Bare in mind I’m a veteran software developer. I have news for you, there is NO reason for an OS upgrade on any device to slow it down, unless the authors (perhaps under instruction from management) intentionally knobble the code, insert inefficiencies or are just bad coders. My company has been developing software since the 1980s ( and back from the days of computers with a few K of RAM, we optimised our code such that the very opposite happened, our upgraded apps were faster on the SAME hardware, and of course, much faster on new hardware, but NEVER did an upgrade slow anything down. I have owned a Mac since 1990 (Mac Portable) and also a few phones and PCs, and this issue of OS and upgrades slowing old hardware down always occurs once my host device is more than about 2 years old, which fits in with the (not made public) fact that device manufacturers want you to upgrade your hardware every two years or so. And it’s the same with our increasingly unreliable white goods. Long gone are the days of a 10 – 15 year appliance or computer. You’ll learn as we have with the VW issue that no matter the public face of some companies, embedded within their management (perhaps even the CEO’s office!) are nefarious people who only think about the bottom line.
    I will let you dear 9to5ers read into this as you like, but don’t let the Apple fanboism detract from the fact that Mr Cook and his team are business people – after all, TC was a supply chain wiz before his upgrade. That is why Apple did not put wireless charging in the iPhone – they want you to go out and pay silly money for extra docks and cables. Me? I bought a Grade A used Nexus 5 for 1/3 of the price of an iPhone 6s/6+ along with three wireless chargers, for a total of £250. Tough grippy case (no need to spend £30 on a protective cover), wireless charging, NFC, pretty good camera (since firmware update), very very fast OPTIMISED version of Android Lolipop. In fact, it does all the latest iPhones do minus 4K video, which the new Nexus will do.
    I do believe Google engage in this intentional slowing down of upgrades on old hardware. I have owned multiple Samsung and Nexus phones, and whilst the Nexus always remained snappy after an update, the Samsungs did slow down, so I think they also engage in this un-optimisation.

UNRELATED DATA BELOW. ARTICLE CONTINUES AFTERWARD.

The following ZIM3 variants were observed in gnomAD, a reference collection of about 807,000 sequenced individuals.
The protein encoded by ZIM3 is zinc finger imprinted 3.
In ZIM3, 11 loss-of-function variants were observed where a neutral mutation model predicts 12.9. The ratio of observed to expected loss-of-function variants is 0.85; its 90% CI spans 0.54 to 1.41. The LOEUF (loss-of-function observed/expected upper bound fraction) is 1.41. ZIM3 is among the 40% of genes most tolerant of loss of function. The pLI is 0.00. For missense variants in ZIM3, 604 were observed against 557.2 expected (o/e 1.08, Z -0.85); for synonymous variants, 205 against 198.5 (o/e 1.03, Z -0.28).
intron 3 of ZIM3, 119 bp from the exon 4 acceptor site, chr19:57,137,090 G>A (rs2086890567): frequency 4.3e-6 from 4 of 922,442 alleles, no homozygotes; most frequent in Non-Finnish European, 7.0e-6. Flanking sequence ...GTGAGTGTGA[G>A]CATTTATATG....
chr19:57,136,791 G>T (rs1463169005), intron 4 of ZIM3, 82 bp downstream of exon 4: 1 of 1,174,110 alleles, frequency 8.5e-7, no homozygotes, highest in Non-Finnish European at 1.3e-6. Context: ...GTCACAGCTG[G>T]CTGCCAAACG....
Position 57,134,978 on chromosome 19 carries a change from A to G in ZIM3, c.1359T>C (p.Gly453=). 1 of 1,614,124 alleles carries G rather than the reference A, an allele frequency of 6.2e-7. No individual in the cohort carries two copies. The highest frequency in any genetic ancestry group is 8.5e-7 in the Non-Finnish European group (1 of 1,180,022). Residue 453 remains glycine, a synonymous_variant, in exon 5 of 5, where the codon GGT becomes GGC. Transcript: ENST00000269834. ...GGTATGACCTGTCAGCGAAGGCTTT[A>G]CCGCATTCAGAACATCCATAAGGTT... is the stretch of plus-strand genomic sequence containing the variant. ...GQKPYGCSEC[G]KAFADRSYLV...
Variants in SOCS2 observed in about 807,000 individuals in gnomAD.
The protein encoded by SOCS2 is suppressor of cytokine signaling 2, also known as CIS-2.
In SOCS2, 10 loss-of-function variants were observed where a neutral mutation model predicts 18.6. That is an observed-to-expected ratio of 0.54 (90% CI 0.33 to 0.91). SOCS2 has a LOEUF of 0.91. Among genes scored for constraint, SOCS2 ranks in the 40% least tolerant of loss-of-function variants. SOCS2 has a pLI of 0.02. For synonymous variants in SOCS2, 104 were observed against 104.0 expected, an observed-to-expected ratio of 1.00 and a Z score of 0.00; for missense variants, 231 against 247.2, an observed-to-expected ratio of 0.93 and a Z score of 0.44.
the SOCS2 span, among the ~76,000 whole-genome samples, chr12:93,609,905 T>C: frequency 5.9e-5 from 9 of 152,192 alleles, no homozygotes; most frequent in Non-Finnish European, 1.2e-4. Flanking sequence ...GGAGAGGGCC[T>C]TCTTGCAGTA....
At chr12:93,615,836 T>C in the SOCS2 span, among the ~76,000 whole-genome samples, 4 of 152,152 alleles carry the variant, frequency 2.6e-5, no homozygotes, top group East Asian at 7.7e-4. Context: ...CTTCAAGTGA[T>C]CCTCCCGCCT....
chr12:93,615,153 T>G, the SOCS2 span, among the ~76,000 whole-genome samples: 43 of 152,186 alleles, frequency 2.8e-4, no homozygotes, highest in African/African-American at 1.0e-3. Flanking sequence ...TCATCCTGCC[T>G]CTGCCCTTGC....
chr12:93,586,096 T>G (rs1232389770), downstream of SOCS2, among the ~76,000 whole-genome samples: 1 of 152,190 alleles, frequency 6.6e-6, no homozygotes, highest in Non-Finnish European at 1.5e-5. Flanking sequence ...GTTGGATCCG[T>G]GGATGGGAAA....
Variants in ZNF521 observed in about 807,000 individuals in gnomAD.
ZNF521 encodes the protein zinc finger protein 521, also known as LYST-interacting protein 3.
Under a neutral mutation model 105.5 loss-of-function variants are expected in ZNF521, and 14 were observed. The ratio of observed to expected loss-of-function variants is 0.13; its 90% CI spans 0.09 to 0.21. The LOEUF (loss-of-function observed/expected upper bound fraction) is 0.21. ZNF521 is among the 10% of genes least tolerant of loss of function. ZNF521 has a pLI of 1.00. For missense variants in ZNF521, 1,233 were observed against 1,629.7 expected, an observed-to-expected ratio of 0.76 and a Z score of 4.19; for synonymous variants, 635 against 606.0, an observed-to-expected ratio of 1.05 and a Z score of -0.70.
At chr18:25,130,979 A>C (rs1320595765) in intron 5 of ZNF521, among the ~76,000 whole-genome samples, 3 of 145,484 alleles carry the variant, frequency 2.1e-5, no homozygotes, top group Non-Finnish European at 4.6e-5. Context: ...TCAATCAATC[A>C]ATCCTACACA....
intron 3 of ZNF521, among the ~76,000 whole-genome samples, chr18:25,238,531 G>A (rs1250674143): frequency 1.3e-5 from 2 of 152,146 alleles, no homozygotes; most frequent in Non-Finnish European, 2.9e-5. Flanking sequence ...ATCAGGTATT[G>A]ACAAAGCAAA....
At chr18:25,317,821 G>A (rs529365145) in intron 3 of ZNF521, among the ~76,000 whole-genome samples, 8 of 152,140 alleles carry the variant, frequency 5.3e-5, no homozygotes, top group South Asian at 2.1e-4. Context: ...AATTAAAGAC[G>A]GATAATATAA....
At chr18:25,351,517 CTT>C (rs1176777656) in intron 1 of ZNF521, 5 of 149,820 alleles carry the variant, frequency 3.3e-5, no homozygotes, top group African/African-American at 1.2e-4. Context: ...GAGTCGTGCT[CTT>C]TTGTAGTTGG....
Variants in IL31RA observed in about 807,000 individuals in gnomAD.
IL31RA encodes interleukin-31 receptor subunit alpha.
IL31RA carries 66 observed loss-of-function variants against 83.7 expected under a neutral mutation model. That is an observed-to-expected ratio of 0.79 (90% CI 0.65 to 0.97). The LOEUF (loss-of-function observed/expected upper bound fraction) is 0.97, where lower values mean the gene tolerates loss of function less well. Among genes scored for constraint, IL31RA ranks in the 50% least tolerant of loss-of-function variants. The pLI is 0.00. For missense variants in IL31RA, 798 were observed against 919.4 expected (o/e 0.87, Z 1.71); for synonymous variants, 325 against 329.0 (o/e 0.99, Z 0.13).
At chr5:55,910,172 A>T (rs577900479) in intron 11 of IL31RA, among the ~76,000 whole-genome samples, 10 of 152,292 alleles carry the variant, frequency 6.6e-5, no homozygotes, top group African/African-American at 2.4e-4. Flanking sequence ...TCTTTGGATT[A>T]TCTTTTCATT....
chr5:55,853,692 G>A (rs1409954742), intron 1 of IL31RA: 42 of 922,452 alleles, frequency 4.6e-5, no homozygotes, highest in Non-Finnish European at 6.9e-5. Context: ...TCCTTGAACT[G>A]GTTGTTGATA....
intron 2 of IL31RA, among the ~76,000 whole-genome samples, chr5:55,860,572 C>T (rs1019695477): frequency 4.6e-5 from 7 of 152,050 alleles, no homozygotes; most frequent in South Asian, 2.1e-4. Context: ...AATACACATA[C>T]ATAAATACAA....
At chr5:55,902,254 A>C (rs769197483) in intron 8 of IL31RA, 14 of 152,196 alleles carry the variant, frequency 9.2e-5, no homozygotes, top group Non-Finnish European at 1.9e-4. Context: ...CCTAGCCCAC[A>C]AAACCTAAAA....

In conclusion, want a device that lasts quite a few years and gets faster, get a Nexus. Want the bling? An iPhone!
    (Typed on a 13″ MacBook Pro Retina 2015 edition, because when it comes to laptops, Apple are still the daddy.)

    • Oflife (@oflife) - 8 years ago

      I made a MASSIVE typo above. I meant to say “I do NOT believe Google engage in this intentional slowing down of upgrades on old hardware.”

    • standardpull - 8 years ago

      simple traditional OS will generally get faster with time if all its features stay the same. But you’re talking about a feature-neutral OS update, like going from MS-DOS 4 to MS-DOS 5.

      A -real world- OS upgrade includes news features and more sophisticated features. This often results in more additional background processing and more complicated services. Layer in some new search engine tech and some new AI and some new fancy “always on” 3D graphics, and that’s going to have a real cost in terms of RAM consumption and CPU utilization. Add more robust security checks inside the OS is going to be another big hitter.

      Hopefully, when adding such features one can also optimize less efficient pieces of code: caching, writing critical routines in assembler, pushing code into the hardware, etc.

      But to pretend that a living, breathing OS should always get faster with each release is either disingenuous or ignorant.

    • Pastor Martin - 8 years ago

      I think there’s room for a difference of opinion here. I think I’m finding as mobile devices reach a certain level, Apple is keeping them updated longer and the updates are running smoother. I’m typing this on my iPhone 5S running 9.0.1 and it’s running beautifully.
      And regarding there being no reason at all, would you include things like multitasking and fancy graphics effects? Because I don’t only notice this slowdown in OS upgrades. My DAW studio software has increased hardware requirements with each major update.
      The fact that they’re willing to update the 4S (a four year old phone) to iOS 9 and it’s running it without major issue (I realize there are some commenters having some issues but this is 9.0 and 9.0.1 we’re talking about, it’s brand new) undermines your argument here, doesn’t it?
      Not trying to troll, just another perspective:)

    • SKR Imaging - 8 years ago

      I tend to disagree.. my iPhone 4S is running quite well for a 4 year old device with iOS 9… of course there is slowdown when switching between apps but that is to be expected from a 512MB RAM device.. My iPad 3 aswell is running better on iOS 9 than on iOS 8.. and that device has not gotten much love from Apple since i was released.. getting to keep my 4 year old phone and 3 year old tablet is great… My Android using friends are still on a 2 year old OS (no more updates being available from the manufacturer).. and I tried some of their phones and find them unusable in terms of sluggish performance. and they bought their device 2 years ago.